Despite her worries, she was entranced by the City of Lights. It was a bustling metropolis by any standard of the day, home to trade and banking, overwhelming with its luxuries so openly displayed. Here was most of the silk production in France; here was cuisine elevated to new heights by the finest chefs and culinary schools in the world. The streets were full to the brim of ladies and gentlemen garbed in the very latest of fashions, going about their business with nary a horse in sight. There was no need of such beasts of burden in Lyon, except for the hauling of bulk goods by the lowliest of merchants, for if you wished to cross the city or even to simply surmount the steepness of its streets, there was a network of funicular railways in place. Such a thing, such an extravagance of industry, left our girl entranced and amazed. She rode on the great cable cars as much to experience the ride as out of any desire to move swiftly about the town.

Come night, she learned why the city had earned its title ‘la Ville des Lumières’ (the City of Lights), as all the gas lamps lit up the streets as bright as they’d been at midday. Her feet ached from wandering the cobblestones for so long in the hunt for work, and exhaustion would soon take her whether she found a bed or not. There were flophouses aplenty in the less savoury parts of the city, but her hunt for work had kept her far from there, knocking on factory doors and pleading her case a dozen times over. It seemed that such pleading would do no good. In the hustle and bustle of the city, there was no time to pause and train someone who had never even handled silk before in her life, nor would any man tarnish his good name by passing her off to one of his compatriots. The workers in the various silk mills did not compete as their masters might have wished—they were a fraternal order, knowing as they did that the freedom to pass from one mill to the next at the first sign of ill-treatment was the stick with which they could threaten their employers into rightful care.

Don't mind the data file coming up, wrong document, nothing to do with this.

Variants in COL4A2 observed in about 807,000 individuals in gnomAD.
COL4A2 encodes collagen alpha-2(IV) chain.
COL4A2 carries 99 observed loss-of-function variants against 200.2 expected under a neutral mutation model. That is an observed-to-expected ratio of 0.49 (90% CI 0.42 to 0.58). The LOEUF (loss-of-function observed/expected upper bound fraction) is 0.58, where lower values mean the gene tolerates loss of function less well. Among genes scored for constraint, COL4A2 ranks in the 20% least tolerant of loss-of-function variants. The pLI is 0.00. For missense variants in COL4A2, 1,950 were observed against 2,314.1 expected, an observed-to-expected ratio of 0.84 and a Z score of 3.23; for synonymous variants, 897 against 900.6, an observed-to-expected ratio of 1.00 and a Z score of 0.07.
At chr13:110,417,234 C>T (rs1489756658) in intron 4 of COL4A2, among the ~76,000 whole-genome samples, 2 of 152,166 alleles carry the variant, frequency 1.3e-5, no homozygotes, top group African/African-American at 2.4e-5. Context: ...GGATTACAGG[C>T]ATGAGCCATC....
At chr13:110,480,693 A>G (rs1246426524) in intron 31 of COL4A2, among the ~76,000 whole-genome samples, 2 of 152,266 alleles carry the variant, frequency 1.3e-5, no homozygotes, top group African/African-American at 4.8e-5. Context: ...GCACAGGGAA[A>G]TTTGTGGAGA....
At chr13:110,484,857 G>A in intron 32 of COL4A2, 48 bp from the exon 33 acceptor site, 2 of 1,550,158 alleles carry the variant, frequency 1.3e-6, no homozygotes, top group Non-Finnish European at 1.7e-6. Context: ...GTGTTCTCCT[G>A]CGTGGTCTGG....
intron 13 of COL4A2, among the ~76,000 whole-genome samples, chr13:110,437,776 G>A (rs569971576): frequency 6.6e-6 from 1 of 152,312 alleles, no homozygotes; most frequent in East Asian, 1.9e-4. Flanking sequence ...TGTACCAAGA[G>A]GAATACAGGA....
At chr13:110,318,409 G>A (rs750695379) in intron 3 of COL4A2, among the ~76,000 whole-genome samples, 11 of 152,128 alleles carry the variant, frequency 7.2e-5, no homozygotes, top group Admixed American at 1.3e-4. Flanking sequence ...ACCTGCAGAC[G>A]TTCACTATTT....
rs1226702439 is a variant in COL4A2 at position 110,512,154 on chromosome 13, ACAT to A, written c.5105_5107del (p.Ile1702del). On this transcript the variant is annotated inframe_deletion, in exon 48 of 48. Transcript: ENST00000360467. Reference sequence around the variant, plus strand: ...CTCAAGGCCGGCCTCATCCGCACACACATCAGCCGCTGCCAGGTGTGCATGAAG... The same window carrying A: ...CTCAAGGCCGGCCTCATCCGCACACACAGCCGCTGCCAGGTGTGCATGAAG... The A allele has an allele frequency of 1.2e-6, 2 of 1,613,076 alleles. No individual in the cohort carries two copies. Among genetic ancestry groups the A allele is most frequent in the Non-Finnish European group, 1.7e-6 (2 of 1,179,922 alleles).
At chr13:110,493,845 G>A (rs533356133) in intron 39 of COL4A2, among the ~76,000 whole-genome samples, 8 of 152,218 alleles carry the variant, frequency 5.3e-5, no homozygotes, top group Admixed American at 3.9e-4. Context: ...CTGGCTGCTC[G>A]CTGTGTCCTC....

Wandering the streets with but a few francs in her pocket, she was found by a kindly matron who was more than happy to offer a spare room in her apartments for a pittance.  This struck her as an echo of the kindness her own mother would have shown her had she not fled home in the dead of night and that thought was almost enough to bring a tear to her eye.

As dawn broke over the city, our girl was stirred from her shallow rest by the machinery of the factories lurching back into motion, sending vibrations out through the very earth itself. It was a giant marching in place, or so her troubled dreams had warned her. She did not know, as she dressed herself at the invitation of breakfast, if she would ever be used to all the noise of the city. If she could ever truly sleep with the rattle of tram cars passing outside the window, or the chatter of the neighbours loud enough to be heard through the floor beneath her and the roof above.